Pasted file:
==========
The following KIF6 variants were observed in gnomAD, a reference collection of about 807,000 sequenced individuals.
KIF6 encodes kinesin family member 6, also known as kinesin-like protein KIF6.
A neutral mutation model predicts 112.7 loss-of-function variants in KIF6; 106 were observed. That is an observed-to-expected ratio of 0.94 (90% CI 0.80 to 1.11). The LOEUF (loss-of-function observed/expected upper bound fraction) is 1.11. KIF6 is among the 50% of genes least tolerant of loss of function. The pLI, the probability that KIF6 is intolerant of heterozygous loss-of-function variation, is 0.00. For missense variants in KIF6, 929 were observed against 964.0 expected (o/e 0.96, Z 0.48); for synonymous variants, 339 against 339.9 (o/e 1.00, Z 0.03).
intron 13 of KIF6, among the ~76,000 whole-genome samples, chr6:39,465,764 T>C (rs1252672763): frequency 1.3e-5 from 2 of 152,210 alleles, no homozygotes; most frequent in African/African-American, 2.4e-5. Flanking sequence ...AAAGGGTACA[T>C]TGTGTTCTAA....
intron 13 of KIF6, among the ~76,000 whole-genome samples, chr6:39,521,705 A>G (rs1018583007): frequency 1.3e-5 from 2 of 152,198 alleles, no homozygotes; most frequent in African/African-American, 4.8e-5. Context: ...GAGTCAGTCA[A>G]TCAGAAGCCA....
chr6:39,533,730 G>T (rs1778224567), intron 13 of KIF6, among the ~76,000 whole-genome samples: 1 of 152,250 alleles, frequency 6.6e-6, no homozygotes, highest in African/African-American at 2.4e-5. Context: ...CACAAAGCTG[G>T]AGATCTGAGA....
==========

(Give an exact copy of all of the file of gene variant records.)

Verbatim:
The following KIF6 variants were observed in gnomAD, a reference collection of about 807,000 sequenced individuals.
KIF6 encodes kinesin family member 6, also known as kinesin-like protein KIF6.
A neutral mutation model predicts 112.7 loss-of-function variants in KIF6; 106 were observed. That is an observed-to-expected ratio of 0.94 (90% CI 0.80 to 1.11). The LOEUF (loss-of-function observed/expected upper bound fraction) is 1.11. KIF6 is among the 50% of genes least tolerant of loss of function. The pLI, the probability that KIF6 is intolerant of heterozygous loss-of-function variation, is 0.00. For missense variants in KIF6, 929 were observed against 964.0 expected (o/e 0.96, Z 0.48); for synonymous variants, 339 against 339.9 (o/e 1.00, Z 0.03).
intron 13 of KIF6, among the ~76,000 whole-genome samples, chr6:39,465,764 T>C (rs1252672763): frequency 1.3e-5 from 2 of 152,210 alleles, no homozygotes; most frequent in African/African-American, 2.4e-5. Flanking sequence ...AAAGGGTACA[T>C]TGTGTTCTAA....
intron 13 of KIF6, among the ~76,000 whole-genome samples, chr6:39,521,705 A>G (rs1018583007): frequency 1.3e-5 from 2 of 152,198 alleles, no homozygotes; most frequent in African/African-American, 4.8e-5. Context: ...GAGTCAGTCA[A>G]TCAGAAGCCA....
chr6:39,533,730 G>T (rs1778224567), intron 13 of KIF6, among the ~76,000 whole-genome samples: 1 of 152,250 alleles, frequency 6.6e-6, no homozygotes, highest in African/African-American at 2.4e-5. Context: ...CACAAAGCTG[G>T]AGATCTGAGA....